Have a car? Drive in Canterbury? Well, then there’s no way you wont have sat in one of Canterbury’s notorious traffic jams fuming at “the bloody traffic”.
Why’s it always like this? Who are all these people? And more to the point what are they doing driving at the same time as me?
If you’re thinking that, then I’ve got news for you, peeps: so is everyone else.
Insulated from the world outside in a glass and metal box, we convince ourselves that the congestion outside is other’s fault.
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People taking their kids to school, people making “unnecessary” journeys – whatever that may be – and even people sitting at home waiting for Tesco to deliver their bogroll and tins of spam.
Then, of course, there’s the old “the council should sort it” line.
Well, the reality is the council does try to ways to reduce congestion and pollution. This has been the case for years now.
It’s just that something called people vehicles on roads always seems to get in the way.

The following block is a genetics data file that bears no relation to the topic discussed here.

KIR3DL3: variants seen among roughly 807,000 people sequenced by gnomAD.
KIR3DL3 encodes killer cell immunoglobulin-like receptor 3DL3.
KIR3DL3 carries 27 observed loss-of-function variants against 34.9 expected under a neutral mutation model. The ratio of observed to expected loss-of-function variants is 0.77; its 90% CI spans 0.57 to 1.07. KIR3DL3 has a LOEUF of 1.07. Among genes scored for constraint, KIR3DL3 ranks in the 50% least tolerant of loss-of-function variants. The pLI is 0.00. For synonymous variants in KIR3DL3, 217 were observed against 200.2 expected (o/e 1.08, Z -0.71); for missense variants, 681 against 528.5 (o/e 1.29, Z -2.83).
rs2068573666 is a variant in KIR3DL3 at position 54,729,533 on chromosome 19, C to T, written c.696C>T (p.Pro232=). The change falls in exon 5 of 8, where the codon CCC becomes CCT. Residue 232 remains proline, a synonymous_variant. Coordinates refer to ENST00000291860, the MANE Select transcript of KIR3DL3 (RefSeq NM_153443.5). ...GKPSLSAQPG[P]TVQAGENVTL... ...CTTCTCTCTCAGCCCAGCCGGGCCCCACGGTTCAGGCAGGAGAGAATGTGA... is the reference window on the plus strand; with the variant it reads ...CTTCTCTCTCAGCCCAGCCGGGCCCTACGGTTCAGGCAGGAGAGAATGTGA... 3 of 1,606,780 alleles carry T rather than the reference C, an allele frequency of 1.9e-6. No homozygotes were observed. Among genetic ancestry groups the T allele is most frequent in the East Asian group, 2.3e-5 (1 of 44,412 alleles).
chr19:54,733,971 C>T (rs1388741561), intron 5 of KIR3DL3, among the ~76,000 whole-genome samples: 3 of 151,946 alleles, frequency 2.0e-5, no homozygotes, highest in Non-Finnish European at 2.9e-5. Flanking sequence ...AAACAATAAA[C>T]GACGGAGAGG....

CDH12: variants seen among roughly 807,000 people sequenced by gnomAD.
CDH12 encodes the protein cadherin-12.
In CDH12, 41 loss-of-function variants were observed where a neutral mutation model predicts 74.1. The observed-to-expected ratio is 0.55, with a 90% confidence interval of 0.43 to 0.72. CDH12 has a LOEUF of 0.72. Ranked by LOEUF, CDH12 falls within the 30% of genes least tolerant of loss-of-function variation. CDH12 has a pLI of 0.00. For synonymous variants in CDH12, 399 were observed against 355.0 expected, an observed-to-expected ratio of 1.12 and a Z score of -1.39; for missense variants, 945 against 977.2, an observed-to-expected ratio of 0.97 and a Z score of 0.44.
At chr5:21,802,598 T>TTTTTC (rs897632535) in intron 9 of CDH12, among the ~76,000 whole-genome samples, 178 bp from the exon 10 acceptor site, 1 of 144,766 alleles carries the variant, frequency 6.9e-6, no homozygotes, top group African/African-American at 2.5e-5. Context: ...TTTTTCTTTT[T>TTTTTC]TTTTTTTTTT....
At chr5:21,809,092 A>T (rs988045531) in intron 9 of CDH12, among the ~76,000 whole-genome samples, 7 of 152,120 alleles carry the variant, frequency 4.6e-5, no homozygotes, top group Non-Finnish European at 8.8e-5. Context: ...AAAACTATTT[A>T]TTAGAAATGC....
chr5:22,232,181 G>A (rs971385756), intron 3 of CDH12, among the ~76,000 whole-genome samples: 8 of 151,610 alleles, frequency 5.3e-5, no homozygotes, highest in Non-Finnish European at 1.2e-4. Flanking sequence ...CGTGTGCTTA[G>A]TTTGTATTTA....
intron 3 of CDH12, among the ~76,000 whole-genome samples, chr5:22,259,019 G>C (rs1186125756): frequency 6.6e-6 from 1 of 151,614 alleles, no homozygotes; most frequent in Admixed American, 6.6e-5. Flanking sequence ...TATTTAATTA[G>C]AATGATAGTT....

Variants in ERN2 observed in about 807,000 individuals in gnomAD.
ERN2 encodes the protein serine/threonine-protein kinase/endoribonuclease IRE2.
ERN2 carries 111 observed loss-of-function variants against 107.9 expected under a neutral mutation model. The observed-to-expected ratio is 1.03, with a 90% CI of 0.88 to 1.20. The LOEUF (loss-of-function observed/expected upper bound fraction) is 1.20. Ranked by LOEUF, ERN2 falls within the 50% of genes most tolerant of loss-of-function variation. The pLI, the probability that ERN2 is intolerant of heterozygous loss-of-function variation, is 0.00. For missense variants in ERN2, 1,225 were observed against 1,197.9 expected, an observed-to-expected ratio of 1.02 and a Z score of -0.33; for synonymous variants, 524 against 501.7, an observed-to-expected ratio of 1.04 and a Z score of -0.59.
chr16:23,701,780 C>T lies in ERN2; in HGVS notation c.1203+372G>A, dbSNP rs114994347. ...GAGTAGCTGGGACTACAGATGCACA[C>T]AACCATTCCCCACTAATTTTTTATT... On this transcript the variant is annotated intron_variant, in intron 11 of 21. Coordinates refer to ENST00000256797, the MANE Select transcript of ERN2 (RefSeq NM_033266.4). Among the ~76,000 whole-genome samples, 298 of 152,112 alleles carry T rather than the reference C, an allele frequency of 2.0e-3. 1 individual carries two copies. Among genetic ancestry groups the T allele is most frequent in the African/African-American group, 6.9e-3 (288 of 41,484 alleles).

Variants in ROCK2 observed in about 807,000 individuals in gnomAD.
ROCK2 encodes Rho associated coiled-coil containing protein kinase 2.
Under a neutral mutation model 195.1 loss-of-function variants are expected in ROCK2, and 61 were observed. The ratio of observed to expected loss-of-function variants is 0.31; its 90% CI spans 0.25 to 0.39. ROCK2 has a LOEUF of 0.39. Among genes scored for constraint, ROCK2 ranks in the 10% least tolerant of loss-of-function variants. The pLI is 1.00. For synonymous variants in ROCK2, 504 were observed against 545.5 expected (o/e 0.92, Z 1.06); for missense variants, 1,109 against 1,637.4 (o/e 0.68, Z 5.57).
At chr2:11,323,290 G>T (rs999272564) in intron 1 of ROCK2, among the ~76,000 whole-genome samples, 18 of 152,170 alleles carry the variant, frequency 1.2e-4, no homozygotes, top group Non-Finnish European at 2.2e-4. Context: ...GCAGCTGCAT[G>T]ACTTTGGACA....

The calamity that was the 2012-13 Westgate Towers traffic trial was just one such effort. Few people liked it.
But the real reason it didn’t work is that it didn’t stop people getting out of their cars. Instead, people kept driving but found their routes around the St Dunstan’s limited by the road lay-out.
Congestion worsened and stationary vehicles pumped ever more emissions into the atmosphere.
The council and the councillors at the time kept up the line that all that was needed was time for the scheme “to bed in”.
People will soon stop using their cars and hop on the buses, we were told – buses being the vehicle around which the scheme was designed.
But it didn’t work and Kent County Council, which runs highways round here, ordered it to be scrapped.
Now, we’re told an extended bus and cycle lane on the Sturry Road for the eastern section of the city would solve its traffic woes.
Well it could if we abandoned our cars in favour of bus or bike. Thing is, most of us won’t.